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How does Culture, psyche, and body make each other up?

The authors of the commentary papers (Fiske, Thomsen, & Thein, 2009; Maass, 2009) raise important points both about the way embodiments prepare us to learn about fundamental relationships and the way these are learned in particular cultural contexts. Both commentaries also raise the question about how embodiments may be employed in ways involving conscious deliberation versus ways escaping conscious awareness.

Fiske and colleagues note that people often arewell aware of theway their comportment shapes their affect and attitudes (see also a more elaborated account in Fiske’s fascinating (2004) chapter 3). Further, they may choose to either go along or reject situational demands to carry their bodies in a certain fashion. Maass too raises this issue when she discusses how situationally scripted behaviors—such as those employed in doing one’s profession—may trigger corresponding mindsets.

These are important questions and ones that are undertheorized in social psychology. They are undertheorized not so much because of our field’s theoretical blindspots but more so by our field’s methodological approaches to studying embodiment. That is, the goal of much early embodiment research in social psychology was to make sure that any embodiment effects were not the products of rational deliberation. (In one classic example, participants were induced to either shake versus nod their heads by giving them a cover story about testing out the fit of headsets (Wells & Petty, 1980)). Such cover stories were essential, not because social psychologists enjoy tricking people but because they want to avoid either demand effects or simple self-perception explanations. (Many embodiment effects surely do involve self-perception somewhere in the causal chain, but the purpose of the cover story is to provide participants with a putative reason why they are, for example, nodding their head, making it less likely that they consciously, deliberately reason that, ‘‘I must agree with this message because I am nodding my head a lot.’’)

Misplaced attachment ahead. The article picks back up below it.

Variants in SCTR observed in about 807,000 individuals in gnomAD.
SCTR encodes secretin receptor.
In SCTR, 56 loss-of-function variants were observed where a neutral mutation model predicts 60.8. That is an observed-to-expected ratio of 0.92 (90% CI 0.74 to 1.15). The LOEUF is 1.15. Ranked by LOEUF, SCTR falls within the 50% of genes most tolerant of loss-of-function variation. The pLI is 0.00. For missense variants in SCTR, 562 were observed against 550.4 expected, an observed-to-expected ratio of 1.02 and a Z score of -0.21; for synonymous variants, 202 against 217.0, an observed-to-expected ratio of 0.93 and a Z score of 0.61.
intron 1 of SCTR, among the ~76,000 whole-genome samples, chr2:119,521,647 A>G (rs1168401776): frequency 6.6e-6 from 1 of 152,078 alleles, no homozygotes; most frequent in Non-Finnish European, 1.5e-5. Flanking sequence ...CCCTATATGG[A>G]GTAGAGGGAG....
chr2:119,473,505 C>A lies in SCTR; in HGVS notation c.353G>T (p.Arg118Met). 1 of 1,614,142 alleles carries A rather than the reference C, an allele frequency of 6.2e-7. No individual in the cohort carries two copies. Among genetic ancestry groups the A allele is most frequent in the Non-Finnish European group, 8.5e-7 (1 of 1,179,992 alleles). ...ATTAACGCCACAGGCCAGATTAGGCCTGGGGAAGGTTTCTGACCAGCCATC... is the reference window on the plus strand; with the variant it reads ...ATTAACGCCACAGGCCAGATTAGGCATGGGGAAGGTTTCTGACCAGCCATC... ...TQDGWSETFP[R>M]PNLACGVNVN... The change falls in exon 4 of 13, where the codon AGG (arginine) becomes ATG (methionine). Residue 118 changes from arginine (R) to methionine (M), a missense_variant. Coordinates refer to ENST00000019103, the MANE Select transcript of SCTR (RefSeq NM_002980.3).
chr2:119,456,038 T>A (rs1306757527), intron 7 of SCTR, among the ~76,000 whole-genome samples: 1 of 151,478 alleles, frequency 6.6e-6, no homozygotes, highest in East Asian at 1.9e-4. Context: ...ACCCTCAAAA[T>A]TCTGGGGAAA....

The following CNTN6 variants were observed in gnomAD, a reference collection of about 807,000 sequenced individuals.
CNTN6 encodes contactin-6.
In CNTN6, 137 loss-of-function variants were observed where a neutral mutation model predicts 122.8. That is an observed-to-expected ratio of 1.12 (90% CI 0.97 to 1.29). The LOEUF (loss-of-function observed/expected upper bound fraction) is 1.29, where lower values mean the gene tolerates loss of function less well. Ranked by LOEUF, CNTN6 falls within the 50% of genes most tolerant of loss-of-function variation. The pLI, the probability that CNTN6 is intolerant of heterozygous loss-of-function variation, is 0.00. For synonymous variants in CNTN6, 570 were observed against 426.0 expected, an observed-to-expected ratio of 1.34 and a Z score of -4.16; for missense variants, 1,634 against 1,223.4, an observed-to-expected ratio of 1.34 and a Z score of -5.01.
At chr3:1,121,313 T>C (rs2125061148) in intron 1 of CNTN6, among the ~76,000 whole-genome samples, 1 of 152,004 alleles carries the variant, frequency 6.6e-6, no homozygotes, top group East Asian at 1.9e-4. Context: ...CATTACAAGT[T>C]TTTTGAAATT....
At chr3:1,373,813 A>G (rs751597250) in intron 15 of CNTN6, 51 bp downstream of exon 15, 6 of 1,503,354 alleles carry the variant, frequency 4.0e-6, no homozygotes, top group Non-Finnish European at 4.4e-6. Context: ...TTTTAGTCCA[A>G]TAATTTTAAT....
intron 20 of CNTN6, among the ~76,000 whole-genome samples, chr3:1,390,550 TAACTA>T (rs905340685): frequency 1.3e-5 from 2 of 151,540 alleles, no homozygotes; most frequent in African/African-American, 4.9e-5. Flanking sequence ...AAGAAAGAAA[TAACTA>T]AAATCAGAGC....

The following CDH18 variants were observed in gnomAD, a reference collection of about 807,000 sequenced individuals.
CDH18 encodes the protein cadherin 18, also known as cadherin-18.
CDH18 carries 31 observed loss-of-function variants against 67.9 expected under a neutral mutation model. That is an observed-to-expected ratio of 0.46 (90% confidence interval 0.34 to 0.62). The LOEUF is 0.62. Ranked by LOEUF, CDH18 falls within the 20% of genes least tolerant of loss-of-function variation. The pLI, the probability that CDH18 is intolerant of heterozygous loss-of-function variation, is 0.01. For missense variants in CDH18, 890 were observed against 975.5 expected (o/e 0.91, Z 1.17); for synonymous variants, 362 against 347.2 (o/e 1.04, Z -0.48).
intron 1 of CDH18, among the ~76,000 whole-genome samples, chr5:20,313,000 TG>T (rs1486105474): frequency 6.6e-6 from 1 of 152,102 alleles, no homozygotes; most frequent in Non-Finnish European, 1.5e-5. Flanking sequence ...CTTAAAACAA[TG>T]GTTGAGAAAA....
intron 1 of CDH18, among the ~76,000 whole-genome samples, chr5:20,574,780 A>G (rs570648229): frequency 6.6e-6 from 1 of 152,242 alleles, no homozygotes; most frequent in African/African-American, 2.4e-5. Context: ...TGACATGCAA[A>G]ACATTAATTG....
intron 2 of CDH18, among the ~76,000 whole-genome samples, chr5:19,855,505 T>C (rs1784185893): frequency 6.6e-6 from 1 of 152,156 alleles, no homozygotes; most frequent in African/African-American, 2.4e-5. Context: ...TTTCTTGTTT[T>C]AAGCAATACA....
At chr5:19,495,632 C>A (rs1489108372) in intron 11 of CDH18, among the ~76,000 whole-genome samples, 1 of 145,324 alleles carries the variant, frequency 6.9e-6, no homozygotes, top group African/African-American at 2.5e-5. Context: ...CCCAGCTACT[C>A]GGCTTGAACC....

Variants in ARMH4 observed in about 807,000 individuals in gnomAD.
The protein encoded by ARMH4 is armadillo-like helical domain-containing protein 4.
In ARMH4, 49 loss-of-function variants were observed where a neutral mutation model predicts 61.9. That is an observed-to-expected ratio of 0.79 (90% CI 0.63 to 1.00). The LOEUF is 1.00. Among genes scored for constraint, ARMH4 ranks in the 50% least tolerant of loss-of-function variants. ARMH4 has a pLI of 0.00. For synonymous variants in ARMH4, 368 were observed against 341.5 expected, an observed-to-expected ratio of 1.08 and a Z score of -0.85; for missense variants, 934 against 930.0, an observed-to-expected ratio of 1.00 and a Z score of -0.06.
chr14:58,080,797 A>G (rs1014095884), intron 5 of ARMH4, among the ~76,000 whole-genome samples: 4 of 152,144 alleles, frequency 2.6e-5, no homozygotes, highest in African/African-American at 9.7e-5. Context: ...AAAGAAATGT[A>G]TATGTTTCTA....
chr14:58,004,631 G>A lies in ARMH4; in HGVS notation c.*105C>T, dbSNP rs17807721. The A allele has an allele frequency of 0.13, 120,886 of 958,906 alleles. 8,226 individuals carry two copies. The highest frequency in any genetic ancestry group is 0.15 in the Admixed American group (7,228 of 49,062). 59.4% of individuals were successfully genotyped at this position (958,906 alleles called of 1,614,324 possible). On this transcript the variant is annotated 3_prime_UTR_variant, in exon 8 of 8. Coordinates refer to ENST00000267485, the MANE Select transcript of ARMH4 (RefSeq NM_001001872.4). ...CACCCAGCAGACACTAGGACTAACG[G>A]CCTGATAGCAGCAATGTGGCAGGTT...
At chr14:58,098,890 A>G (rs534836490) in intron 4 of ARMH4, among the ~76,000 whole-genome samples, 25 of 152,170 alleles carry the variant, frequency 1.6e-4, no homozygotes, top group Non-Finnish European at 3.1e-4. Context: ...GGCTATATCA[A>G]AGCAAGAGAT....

Because of this desire to go beyond demand explanations or very simple self-perception explanations, psychologists have often explored embodiment scenarios where participants are not consciously attending to the way their bodies are being manipulated or for what purpose (see also IJzerman & Semin, in press). From the standpoint of experimental design, this is reasonable enough. However, it does exclude from consideration many of the interesting real-life cases that Fiske and colleagues and Maass write about. It is important to find out how embodiment effects play out in the real world—when and how people consciously use them to manipulate their own thoughts and feelings, how they use them as they design environments and provide affordances for themselves and others, and how they may strategically employ them to resist the influence or manipulation of other people. In connection to attribution research, it might also be interesting to explore when people, in their everyday lives, use their comportment to infer their thoughts and feelings versus when they use their comportment to discount those feelings (‘‘I kneel down before G-d, so I must feel subservient’’ versus ‘‘The only reason I feel subservient is because I have to kneel down in the middle of the ceremony.’’ Or ‘‘I always feel so pure after going to the Mikvah (a Jewish ritual bath)’’versus ‘‘The only reason I feel refreshed is that I have just been submerged in water.’’ In one case, the feeling is inferred from the body’s comportment—and this comportment or feeling is believed to be revealing. In the second case, the person discounts their feeling as only produced by the comportment of their body—an artificial comportment or state that does not express one’s ‘‘true’’ affect or beliefs.)